by Lawrence M. O'Rourke
February 17, 2005
The legislation would "return decent family-friendly broadcasting to families across America," declared Rep. Robert Aderholt, R-Ala.
Fear of higher fines would "make it safe" for parents to watch TV and listen to the radio with their children, said Rep. Joe Barton, R-Texas.
Parents concerned about what they children see on TV should use the remote control and the V-chip to enforce their standards, countered Rep. Jerrold Nadler, D-N.Y. He chided "House Puritans" for shifting responsibility from parents to government employees.
The House voted 389-38 for the legislation, known as the Broadcast Decency Enforcement Act. Some 228 Republicans and 161 Democrats voted yes. Voting no were 36 Democrats, one Republican and one independent.
The White House said in a statement that President Bush strongly supports legislation that "will make broadcast television and radio more suitable for family viewing."
The legislation would raise the maximum fine that the Federal Communications Commission could levy from $32,500 to $500,000 for a broadcast company and from $11,000 to $500,000 for an individual. The FCC also would be authorized to strip broadcast licenses for repeat violations.
Sponsors asserted that the "wardrobe malfunction" that resulted in the showing of Jackson's breast during the halftime show would not have happened if the network, its affiliates and the performer had been subject at the time to the threat of the higher fine.
In assessing the fine, the FCC would have to consider such factors as whether the event in question was live or recorded, scripted or unscripted, the size of the audience, and whether the program was part of a children's program.
Rep. Fred Upton, R-Mich., the lead sponsor, said that while the incident involving Jackson would have drawn the higher fine, a live profane utterance by an athlete during a heated contest would not be subject to the $500,000 penalty.
The legislation passed the House last year but died in the Senate. Chances for passage by the new, more conservative Senate are considered high this year, but some senators have expressed concern about drawing a line between potentially punishing major commercial networks while exempting cable.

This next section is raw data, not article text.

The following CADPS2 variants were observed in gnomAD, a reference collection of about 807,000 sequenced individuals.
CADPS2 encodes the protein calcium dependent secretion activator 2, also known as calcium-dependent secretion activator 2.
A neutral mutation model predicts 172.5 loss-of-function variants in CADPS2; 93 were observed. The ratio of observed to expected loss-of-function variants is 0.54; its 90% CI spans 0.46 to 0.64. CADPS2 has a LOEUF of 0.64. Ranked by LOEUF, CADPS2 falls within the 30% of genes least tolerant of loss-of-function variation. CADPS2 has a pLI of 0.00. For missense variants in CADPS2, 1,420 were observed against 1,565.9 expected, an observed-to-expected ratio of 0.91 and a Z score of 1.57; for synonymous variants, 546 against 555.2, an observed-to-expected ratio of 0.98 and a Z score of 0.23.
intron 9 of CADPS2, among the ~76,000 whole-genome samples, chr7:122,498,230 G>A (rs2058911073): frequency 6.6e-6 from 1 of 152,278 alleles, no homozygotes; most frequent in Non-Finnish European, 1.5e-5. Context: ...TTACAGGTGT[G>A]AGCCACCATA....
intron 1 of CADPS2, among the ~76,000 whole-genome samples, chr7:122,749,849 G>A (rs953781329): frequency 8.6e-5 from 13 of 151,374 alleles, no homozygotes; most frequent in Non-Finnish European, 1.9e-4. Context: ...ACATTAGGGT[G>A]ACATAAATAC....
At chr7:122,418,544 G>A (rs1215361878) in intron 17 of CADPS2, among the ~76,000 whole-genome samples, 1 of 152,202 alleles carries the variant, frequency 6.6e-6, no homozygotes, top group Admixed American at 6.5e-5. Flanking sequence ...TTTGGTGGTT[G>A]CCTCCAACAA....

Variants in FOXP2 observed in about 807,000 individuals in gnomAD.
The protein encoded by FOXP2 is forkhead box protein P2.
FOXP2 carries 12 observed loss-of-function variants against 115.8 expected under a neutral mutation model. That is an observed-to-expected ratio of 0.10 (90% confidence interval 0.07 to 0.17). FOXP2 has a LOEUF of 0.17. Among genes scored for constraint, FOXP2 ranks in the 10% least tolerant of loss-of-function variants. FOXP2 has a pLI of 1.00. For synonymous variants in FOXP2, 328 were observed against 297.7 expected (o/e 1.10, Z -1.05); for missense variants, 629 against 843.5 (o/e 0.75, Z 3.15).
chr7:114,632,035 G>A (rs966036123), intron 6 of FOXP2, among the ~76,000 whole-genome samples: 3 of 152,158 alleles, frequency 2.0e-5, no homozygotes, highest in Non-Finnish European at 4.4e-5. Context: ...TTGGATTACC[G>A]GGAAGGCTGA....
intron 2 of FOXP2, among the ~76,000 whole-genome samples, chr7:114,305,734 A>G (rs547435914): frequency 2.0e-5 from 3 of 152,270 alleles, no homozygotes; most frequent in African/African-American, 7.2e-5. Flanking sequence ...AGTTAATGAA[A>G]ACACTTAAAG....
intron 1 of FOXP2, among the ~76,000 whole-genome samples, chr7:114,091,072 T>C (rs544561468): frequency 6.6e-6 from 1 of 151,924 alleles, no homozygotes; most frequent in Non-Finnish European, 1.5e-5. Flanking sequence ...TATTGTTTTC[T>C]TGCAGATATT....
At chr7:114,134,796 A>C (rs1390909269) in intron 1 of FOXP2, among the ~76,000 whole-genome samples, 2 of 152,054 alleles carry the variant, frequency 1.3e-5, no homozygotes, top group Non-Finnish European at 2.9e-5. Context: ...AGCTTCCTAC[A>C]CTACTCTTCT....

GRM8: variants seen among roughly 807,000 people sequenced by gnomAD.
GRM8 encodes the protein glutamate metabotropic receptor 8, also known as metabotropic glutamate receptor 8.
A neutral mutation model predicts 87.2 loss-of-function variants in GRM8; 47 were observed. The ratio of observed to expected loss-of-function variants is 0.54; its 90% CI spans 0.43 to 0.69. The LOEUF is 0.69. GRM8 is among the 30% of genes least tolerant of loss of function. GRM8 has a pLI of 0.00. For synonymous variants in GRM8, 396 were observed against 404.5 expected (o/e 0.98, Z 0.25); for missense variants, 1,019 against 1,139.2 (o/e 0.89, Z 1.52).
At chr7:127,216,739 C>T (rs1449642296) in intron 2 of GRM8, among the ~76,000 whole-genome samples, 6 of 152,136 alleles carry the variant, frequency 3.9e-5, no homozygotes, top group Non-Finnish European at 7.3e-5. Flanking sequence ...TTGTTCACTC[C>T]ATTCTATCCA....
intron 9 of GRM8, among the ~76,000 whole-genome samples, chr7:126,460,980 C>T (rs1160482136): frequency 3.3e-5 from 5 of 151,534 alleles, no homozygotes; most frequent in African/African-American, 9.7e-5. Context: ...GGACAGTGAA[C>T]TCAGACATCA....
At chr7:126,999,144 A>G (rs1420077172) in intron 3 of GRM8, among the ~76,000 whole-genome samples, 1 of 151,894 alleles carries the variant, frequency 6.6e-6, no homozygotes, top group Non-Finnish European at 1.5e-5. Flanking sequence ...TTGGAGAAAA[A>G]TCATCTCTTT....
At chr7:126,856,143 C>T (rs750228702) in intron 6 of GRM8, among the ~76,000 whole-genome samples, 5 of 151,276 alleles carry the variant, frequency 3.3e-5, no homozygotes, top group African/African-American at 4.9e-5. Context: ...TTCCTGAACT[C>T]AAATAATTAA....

Rep. Henry Waxman, D-Calif., said the new fines, if approved by the Senate, would discourage TV from "creating works that challenge controversial themes" and instead shape an artistic culture geared to "5-year-olds whose parents are prudes."
"I'm a parent of a 5 year old and I'm a prude," Rep. John Shimkus, R-Ill., shot back at Waxman. He added that the new fines would apply only to the commercial networks such as CBS, NBC and ABC, and would not apply to cable television.
Upton said the fear of big fines would prompt the commercial networks and their affiliates to censor broadcasts. He said stations should not fear that showing Steven Spielberg's prize-winning World War II drama "Saving Private Ryan" would draw an FCC fine.
But fearing a government crackdown, ABC affiliates across the nation refused to air "Saving Private Ryan" last Veterans Day, noted Rep. Janice Schakowsky, D-Ill. She said she was "more concerned about violence on TV than Janet Jackson's nipples."
Rep. Bernard Sanders, a Vermont independent, noted that network affiliates are so frightened of facing FCC fines that several refused to air a Church of Christ ad that made the point that the church welcomed gays as members.
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